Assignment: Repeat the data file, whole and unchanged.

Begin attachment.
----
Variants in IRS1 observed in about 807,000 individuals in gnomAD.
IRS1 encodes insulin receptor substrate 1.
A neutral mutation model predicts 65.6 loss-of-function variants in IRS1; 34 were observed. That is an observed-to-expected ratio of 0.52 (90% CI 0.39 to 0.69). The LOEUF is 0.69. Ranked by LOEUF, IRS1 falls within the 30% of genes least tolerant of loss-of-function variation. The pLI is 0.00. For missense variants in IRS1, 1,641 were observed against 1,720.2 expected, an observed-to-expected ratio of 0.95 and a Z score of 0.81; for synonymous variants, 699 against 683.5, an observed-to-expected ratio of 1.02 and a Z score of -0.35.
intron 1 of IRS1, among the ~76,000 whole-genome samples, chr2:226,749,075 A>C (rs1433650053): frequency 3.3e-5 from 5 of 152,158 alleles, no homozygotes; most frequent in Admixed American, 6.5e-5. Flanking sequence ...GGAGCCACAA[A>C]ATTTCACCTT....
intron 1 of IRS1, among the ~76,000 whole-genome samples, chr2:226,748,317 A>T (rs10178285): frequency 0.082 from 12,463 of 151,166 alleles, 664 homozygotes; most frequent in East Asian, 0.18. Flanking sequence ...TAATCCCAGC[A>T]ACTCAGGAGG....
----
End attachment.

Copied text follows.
Variants in IRS1 observed in about 807,000 individuals in gnomAD.
IRS1 encodes insulin receptor substrate 1.
A neutral mutation model predicts 65.6 loss-of-function variants in IRS1; 34 were observed. That is an observed-to-expected ratio of 0.52 (90% CI 0.39 to 0.69). The LOEUF is 0.69. Ranked by LOEUF, IRS1 falls within the 30% of genes least tolerant of loss-of-function variation. The pLI is 0.00. For missense variants in IRS1, 1,641 were observed against 1,720.2 expected, an observed-to-expected ratio of 0.95 and a Z score of 0.81; for synonymous variants, 699 against 683.5, an observed-to-expected ratio of 1.02 and a Z score of -0.35.
intron 1 of IRS1, among the ~76,000 whole-genome samples, chr2:226,749,075 A>C (rs1433650053): frequency 3.3e-5 from 5 of 152,158 alleles, no homozygotes; most frequent in Admixed American, 6.5e-5. Flanking sequence ...GGAGCCACAA[A>C]ATTTCACCTT....
intron 1 of IRS1, among the ~76,000 whole-genome samples, chr2:226,748,317 A>T (rs10178285): frequency 0.082 from 12,463 of 151,166 alleles, 664 homozygotes; most frequent in East Asian, 0.18. Flanking sequence ...TAATCCCAGC[A>T]ACTCAGGAGG....